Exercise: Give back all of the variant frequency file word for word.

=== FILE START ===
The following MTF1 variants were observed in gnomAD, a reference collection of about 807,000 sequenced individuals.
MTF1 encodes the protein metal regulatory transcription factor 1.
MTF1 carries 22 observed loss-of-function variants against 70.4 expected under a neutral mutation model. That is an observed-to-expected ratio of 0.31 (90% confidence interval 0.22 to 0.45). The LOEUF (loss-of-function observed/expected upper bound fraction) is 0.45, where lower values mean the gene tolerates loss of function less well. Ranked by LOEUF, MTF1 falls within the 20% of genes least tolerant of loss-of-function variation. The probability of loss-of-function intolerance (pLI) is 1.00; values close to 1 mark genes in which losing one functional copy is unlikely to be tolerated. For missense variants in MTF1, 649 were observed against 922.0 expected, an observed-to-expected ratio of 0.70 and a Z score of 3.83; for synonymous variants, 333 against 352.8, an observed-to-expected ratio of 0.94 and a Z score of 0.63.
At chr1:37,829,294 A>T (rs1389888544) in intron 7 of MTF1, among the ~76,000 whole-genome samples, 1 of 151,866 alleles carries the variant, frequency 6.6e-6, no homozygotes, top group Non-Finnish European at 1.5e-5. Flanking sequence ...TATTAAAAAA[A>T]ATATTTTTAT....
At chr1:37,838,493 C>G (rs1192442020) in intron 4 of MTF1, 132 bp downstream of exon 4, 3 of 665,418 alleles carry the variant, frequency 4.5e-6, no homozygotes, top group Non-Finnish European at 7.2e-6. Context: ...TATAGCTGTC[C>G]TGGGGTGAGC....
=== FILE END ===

The following MTF1 variants were observed in gnomAD, a reference collection of about 807,000 sequenced individuals.
MTF1 encodes the protein metal regulatory transcription factor 1.
MTF1 carries 22 observed loss-of-function variants against 70.4 expected under a neutral mutation model. That is an observed-to-expected ratio of 0.31 (90% confidence interval 0.22 to 0.45). The LOEUF (loss-of-function observed/expected upper bound fraction) is 0.45, where lower values mean the gene tolerates loss of function less well. Ranked by LOEUF, MTF1 falls within the 20% of genes least tolerant of loss-of-function variation. The probability of loss-of-function intolerance (pLI) is 1.00; values close to 1 mark genes in which losing one functional copy is unlikely to be tolerated. For missense variants in MTF1, 649 were observed against 922.0 expected, an observed-to-expected ratio of 0.70 and a Z score of 3.83; for synonymous variants, 333 against 352.8, an observed-to-expected ratio of 0.94 and a Z score of 0.63.
At chr1:37,829,294 A>T (rs1389888544) in intron 7 of MTF1, among the ~76,000 whole-genome samples, 1 of 151,866 alleles carries the variant, frequency 6.6e-6, no homozygotes, top group Non-Finnish European at 1.5e-5. Flanking sequence ...TATTAAAAAA[A>T]ATATTTTTAT....
At chr1:37,838,493 C>G (rs1192442020) in intron 4 of MTF1, 132 bp downstream of exon 4, 3 of 665,418 alleles carry the variant, frequency 4.5e-6, no homozygotes, top group Non-Finnish European at 7.2e-6. Context: ...TATAGCTGTC[C>G]TGGGGTGAGC....